Reductionism, then, turns out to not only go against common sense but, also, to lead to absurdity. Obviously, then, an object or substance cannot be nothing but its physical constituents. Thus stated, there must be something more to substances in themselves over and above their parts.


Wednesday, September 3, 2014

Essentialism and reductionism

Mike D over at The Aunicornist has, once again, devoted a couple of posts to refuting the metaphysics of Thomism. Since I am myself a Thomist I felt the need to deal with such arguments and assertions. I will, for now, be dealing with this post of Mikes. So, let’s dig in.
Mike states the following:

[W]e all agree that if tomorrow all humans were wiped off the face of the Earth,cats (for example) would still be cats—that is, they would retain the amalgam of physical properties that our brains categorizeas simply “cats”, even there [sic] wouldn’t be anyone around to say, “Hey, that’s a cat!” But does it follow, then, that cats have a property of identity that makes them cats?

Here Mike demonstrates his poor understanding of Thomism by conflating identity with essence. What Mike is talking about here is essence which is just that whereby something is what it is. To grasp a thing’s essence is to grasp all the properties that are essential to that thing remaining that very thing. Or, to take Mike’s example, the essence of a cat is comprised of whatever properties a cat must have for it to remain a cat. Yet, Mike here uses the terms “the property of identity.” But, identity is not the same thing as essence. It is an essence that makes something what it is and not identity. Identity is more broad and more tautological. The property of identity simply means that something is identical to itself and is not identical to what it isn’t. A corollary of this is that all of a thing’s properties are contained in its identity. Yet this is not the same with regards to a thing’s essence.
Let’s use an example to illuminate the distinction between identity and essence. Take two chairs. Each particular chair is identical to itself and is not identical to the other chair even if they both look  exactly the same. Yet, these chairs do share the same essence in that they both provide a seat—here providing a seat is the essence of being a chair. So, two objects can share an essence without being identical. This is because identity takes all of a thing’s properties into account whereas essence only takes essential properties into account. It is essential that a chair provide a seat, but it is not essential for a chair to have four legs. Yet, when contemplating a chair’s identity it is crucial to include the property of how many legs it has—for a chair with four legs is obviously not identical to a chair with three.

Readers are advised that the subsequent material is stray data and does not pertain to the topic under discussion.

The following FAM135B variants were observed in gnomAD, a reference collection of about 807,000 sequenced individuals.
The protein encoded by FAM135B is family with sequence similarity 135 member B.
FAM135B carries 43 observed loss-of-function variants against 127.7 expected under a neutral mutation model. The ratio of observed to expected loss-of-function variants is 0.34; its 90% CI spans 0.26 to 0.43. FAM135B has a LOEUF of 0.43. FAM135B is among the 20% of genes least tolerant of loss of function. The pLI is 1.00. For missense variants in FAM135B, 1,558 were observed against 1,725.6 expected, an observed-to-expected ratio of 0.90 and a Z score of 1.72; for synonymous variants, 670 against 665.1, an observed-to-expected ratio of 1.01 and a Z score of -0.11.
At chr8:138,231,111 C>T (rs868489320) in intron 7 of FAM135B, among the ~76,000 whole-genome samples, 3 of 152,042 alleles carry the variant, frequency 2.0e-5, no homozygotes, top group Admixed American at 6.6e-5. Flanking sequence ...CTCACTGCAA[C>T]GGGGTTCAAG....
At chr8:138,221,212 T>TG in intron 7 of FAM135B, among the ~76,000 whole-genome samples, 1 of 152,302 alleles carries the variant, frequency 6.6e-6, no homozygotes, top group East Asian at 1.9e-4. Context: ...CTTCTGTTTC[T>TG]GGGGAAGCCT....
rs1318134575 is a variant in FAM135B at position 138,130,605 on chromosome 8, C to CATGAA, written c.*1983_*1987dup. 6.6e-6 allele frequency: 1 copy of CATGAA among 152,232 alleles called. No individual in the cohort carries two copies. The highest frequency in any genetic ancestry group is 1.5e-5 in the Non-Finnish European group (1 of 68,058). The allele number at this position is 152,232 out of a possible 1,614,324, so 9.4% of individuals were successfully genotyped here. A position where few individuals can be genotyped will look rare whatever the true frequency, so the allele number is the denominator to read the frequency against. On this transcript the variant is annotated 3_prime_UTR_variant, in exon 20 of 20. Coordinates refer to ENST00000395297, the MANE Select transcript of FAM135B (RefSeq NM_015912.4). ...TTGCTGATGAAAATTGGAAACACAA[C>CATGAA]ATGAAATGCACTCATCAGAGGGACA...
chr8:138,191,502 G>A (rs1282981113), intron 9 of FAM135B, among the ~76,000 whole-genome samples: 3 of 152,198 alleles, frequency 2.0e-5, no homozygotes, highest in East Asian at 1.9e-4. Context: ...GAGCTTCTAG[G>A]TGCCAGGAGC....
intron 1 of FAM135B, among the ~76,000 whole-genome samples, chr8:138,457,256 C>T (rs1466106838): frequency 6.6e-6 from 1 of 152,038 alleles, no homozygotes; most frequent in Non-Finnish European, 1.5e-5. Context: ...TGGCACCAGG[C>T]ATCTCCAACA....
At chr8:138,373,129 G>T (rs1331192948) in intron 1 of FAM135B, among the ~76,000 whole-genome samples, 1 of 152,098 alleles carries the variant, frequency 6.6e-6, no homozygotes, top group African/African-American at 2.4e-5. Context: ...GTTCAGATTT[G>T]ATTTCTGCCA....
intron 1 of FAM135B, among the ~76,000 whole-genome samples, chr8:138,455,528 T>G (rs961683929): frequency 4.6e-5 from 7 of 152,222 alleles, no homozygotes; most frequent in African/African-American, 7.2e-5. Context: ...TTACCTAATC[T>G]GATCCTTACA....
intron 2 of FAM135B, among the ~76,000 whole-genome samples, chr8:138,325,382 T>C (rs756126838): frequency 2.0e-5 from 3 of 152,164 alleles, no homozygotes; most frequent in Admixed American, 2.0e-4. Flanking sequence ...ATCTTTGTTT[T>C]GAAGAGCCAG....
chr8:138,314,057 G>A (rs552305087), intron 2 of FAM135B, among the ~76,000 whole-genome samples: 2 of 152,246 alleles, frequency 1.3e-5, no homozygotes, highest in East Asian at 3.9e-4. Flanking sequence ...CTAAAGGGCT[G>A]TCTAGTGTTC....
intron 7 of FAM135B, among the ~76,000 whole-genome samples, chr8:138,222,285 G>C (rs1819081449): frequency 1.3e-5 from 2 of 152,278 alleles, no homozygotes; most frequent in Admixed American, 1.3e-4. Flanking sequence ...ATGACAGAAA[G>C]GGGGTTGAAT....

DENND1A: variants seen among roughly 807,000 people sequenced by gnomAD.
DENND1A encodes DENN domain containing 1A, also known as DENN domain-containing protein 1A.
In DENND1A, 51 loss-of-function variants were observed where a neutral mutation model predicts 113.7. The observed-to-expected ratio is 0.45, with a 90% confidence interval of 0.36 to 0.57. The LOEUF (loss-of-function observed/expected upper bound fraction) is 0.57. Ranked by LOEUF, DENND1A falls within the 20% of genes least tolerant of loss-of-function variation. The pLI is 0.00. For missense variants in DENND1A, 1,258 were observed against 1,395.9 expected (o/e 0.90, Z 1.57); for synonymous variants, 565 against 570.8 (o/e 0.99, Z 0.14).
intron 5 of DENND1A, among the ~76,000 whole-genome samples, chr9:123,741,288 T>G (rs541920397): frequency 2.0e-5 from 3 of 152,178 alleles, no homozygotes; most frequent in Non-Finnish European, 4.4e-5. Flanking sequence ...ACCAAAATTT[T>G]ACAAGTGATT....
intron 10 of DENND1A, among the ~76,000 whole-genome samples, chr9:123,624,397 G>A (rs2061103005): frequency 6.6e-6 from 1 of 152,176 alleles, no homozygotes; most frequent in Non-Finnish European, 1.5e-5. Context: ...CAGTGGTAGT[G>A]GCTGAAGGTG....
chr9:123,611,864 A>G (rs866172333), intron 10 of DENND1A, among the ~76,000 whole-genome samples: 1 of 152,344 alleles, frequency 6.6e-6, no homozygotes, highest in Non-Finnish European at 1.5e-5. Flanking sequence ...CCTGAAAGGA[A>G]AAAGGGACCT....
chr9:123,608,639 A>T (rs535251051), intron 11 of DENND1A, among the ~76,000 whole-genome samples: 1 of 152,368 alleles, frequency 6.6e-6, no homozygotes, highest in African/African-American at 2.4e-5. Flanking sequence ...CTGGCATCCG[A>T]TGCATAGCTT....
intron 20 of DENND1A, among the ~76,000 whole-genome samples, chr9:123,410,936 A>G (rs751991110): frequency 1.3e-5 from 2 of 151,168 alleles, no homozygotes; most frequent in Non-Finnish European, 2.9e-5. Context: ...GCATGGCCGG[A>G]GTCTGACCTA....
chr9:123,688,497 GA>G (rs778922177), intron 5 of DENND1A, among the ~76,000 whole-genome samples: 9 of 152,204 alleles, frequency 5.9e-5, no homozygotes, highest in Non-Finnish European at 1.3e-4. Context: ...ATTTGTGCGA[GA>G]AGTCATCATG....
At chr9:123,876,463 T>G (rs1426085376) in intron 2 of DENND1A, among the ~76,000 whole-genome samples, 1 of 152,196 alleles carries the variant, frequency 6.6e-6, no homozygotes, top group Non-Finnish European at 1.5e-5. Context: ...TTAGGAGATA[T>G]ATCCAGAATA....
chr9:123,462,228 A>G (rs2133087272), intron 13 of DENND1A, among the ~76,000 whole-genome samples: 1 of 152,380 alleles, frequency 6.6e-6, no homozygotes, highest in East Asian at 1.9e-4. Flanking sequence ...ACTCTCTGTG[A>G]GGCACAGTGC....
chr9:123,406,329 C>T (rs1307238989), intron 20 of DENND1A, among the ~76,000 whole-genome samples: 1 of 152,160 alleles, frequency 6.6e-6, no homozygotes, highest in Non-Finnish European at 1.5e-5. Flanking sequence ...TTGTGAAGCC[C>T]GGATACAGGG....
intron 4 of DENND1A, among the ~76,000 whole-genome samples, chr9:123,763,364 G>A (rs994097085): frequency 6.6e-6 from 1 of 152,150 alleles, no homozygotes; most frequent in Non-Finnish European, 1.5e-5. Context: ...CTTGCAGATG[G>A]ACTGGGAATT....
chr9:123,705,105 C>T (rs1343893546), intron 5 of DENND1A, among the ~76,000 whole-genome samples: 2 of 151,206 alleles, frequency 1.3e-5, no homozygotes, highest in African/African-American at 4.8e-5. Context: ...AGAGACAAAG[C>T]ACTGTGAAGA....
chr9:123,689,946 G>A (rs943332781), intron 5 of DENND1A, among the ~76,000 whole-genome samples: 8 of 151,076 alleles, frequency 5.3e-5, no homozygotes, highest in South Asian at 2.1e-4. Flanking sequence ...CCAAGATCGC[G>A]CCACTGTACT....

All this is important because Mike, in the quote above, is again conflating identity with essence, which wouldn’t have happened if Mike adequately understood the position he’s attempting to refute. So, while none of this, so far, undermines Mike’s arguments, it does demonstrate that Mike does not understand his opponent’s positions the way he thinks he does.

Mike then illustrates his (already confused) argument with an example of a mountain:

Mountains are formed, if I remember grade school geology correctly, when massive tectonic plates press against each other, forcing the earth to slowly rise over eons. I wonder how the Thomist might think about this, then—at what point does the earth have the property of identity of a mountain, versus just being a really big hill or a giant pile of rocks?